Persuasive messages appear in many different types of mediums including television, video games, magazines, books, newspapers, and billboards. One of the newest ways to present a persuasive message is YouTube. YouTube is an internet site that allows users to log on and create or view videos. One person to make use of YouTube as a tool of persuasion is Presidential front runner Hillary Clinton (Raby, 2007). YouTube is taken seriously by Hillary Clinton and for good reason. It has been discovered that the amount of views a candidate has on YouTube is directly related to their success in the polls (Raby, 2007). The more people view your YouTube page the higher your poll ratings (Raby, 2007). Clinton takes the YouTube arm of her campaign so seriously that she employs a chief officer of technology (Hopkins, 2007). In order to narrow the focus of this analysis I am going to analyze the very first video that Hillary Clinton uploaded to her YouTube page which is titled I'm In (YouTube, 2007). First, I will analyze this video in terms of content and persuasive strategies. After analyzing Clinton's Presidential announcement video, I will explain Kenneth Burke's theory of identification. Then I will apply the identification theory directly to the video. It will be argued that Clinton relies heavily on identification to persuade the American public to elect her.
[...] Identification argues that human beings have an innate need to connect with other people and if they feel connected, or are able to identify with a particular message, they are more susceptible to persuasion (Quigley, 1998). The reason the need for this connection is so strong is because humans are inherently separate and divided from one another (Driskill & Camp, 2006). For Burke individuals feel inherently guilty because they are different from other human beings which is why the process of identification becomes necessary (Quigley, 1998). [...]
[...] Kenneth Burke, identification, and rhetorical criticism in the writing classroom. Retrieved December from www.cla.purdue.edu/dblakesley/burke/clark.html Connaughton, S. L. and Jarvis, S. E. (2004, May) Apolitical Politics: GOP Efforts to Foster Identification from U.S. Latinos, 1984-2000 Paper presented at the annual meeting of the International Communication Association, New Orleans Sheraton, New Orleans, LA Online <.PDF> Retrieved 2006-10-05 from www.allacademic.com/meta/p112682_index.html Driskill, G. & Camp, J.W. (2006). Identification strategies for unity: A study of a unity movement among Christian church organizations [Electronic Version]. Journal of Communication & Religion 445-483. [...]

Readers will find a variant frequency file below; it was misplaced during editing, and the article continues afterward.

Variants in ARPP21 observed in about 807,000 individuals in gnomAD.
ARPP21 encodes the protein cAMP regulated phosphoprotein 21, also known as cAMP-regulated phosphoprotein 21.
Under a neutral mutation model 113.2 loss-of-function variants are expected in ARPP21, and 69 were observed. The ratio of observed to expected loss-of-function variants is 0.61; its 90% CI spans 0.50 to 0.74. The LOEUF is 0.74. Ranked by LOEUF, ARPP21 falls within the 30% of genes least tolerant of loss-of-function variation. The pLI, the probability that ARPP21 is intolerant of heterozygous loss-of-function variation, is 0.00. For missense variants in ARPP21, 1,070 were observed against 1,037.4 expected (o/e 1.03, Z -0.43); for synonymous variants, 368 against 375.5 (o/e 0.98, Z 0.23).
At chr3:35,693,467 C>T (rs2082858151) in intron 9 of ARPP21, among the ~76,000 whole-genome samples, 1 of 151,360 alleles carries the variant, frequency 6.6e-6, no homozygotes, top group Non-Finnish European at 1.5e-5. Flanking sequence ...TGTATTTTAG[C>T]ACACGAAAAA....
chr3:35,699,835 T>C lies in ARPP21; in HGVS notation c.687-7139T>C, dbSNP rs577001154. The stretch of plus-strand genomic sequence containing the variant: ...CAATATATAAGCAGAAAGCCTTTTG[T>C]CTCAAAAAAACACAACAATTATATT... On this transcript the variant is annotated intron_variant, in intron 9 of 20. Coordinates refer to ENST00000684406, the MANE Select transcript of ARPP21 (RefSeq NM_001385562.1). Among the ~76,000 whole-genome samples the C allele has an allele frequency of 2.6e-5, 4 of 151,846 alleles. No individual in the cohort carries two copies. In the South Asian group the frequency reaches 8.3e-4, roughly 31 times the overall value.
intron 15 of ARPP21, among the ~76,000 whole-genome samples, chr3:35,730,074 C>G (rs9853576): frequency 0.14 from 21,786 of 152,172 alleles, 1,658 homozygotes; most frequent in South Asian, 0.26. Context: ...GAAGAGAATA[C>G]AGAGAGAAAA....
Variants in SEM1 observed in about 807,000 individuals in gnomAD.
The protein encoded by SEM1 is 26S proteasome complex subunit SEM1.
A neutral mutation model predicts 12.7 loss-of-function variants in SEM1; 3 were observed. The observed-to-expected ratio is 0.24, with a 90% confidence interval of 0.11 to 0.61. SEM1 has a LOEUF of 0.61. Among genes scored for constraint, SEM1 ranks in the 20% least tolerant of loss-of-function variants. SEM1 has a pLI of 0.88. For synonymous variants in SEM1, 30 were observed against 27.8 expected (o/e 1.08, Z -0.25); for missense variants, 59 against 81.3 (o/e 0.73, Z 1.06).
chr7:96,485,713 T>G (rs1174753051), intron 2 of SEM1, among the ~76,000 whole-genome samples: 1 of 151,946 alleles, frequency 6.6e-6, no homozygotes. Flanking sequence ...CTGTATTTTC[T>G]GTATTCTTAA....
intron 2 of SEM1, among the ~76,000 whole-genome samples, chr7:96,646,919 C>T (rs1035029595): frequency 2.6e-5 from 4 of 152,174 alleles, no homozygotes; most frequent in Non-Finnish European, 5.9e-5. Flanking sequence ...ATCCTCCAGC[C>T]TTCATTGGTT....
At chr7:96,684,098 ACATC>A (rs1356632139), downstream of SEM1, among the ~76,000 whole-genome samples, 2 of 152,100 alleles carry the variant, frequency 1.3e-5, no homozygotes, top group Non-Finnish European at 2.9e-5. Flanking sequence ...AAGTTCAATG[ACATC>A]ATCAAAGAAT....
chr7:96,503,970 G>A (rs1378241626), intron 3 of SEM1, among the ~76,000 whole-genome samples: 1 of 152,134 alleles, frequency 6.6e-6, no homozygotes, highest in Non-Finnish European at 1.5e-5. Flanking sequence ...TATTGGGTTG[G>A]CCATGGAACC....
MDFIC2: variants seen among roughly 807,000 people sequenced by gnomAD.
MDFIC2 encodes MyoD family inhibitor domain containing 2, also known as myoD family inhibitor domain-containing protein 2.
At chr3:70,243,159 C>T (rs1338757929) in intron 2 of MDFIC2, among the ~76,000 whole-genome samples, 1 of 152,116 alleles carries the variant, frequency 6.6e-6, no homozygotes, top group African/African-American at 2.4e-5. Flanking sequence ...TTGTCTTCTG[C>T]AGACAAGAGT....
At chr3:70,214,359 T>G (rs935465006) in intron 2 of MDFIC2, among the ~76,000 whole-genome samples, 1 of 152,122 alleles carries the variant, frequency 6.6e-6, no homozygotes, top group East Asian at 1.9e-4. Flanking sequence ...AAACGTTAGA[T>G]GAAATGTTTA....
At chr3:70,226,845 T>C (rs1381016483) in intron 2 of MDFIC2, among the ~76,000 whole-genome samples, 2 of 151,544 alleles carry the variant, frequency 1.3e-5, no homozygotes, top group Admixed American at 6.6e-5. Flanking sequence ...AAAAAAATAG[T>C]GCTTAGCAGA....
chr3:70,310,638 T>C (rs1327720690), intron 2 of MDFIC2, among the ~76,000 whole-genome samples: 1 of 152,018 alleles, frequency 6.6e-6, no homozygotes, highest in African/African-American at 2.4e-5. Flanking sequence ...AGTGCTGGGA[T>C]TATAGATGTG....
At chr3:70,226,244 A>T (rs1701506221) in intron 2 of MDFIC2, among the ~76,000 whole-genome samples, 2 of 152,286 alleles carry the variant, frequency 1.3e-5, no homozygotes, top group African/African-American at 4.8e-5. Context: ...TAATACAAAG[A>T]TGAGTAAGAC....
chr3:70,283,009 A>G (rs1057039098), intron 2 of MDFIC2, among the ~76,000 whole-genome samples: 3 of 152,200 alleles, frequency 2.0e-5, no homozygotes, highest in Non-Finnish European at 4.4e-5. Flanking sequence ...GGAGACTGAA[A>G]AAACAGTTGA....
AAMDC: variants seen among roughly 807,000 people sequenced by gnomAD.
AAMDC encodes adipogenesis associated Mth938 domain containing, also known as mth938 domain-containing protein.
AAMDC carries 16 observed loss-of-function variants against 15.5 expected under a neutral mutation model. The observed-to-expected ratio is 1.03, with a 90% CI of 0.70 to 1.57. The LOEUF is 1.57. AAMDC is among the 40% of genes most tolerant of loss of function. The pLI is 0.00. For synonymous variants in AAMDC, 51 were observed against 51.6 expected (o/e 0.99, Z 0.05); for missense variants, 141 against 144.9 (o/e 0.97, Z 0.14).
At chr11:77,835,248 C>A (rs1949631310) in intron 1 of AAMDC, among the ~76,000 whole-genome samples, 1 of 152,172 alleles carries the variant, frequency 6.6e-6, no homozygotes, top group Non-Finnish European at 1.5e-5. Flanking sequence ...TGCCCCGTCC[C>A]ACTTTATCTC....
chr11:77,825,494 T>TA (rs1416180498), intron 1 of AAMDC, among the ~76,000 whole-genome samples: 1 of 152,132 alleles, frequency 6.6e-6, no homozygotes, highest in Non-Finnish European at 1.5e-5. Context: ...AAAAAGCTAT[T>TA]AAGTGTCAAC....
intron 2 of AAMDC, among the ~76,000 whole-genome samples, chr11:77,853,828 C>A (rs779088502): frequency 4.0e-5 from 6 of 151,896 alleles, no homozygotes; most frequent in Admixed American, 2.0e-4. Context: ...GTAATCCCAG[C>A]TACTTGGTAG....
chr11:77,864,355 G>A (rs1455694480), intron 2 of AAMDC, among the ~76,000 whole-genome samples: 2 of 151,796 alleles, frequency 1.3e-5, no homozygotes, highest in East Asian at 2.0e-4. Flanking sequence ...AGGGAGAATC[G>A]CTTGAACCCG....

[...] It was designed to send a message that Clinton was a serious Presidential contender not to be underestimated. One strategy Hillary relies upon heavily is identification with voters. In order to understand how the identification functions the next section will discuss Burke's theory of identification in detail. The Theory Identification is a concept developed by Kenneth Burke in his 1952 book titled A Rhetoric of Motives (Quigley, 1998). Burke is perhaps the most influential rhetorical scholar of contemporary times, and his theory of identification is useful for analyzing a variety of different persuasive messages. [...]
[...] Robinson (2007) explains that Clinton's videos was designed to neutralize the threat Obama posed to her and describes the scene and tone of Clinton's video, “Last week's presidential announcement video from Barack Obama seemed fresh, futuristic and YouTube-friendly until Saturday, when Hillary Clinton's in to win" video, as pretty and polished as a Merchant-Ivory production, made Obama's clip look like a student project. Obama, here comes Mama. And she doesn't play.” By waiting until after Obama had announced Clinton was able to ensure that her video was more professional and persuasive. [...]
[...] Identification is inevitable and can be used for positive or negative goals (Jordan, 2005). An example of negative identification would be Hitler identifying with the economic depression that many Germans felt and using it to persuade them that bashing the Jewish population was an acceptable option. Another example of how identification can be used to hide the truth is when capitalist businesses are described only in terms of their larger impact on the economy instead of their impact on alienated workers (Jordan, 2005). [...]
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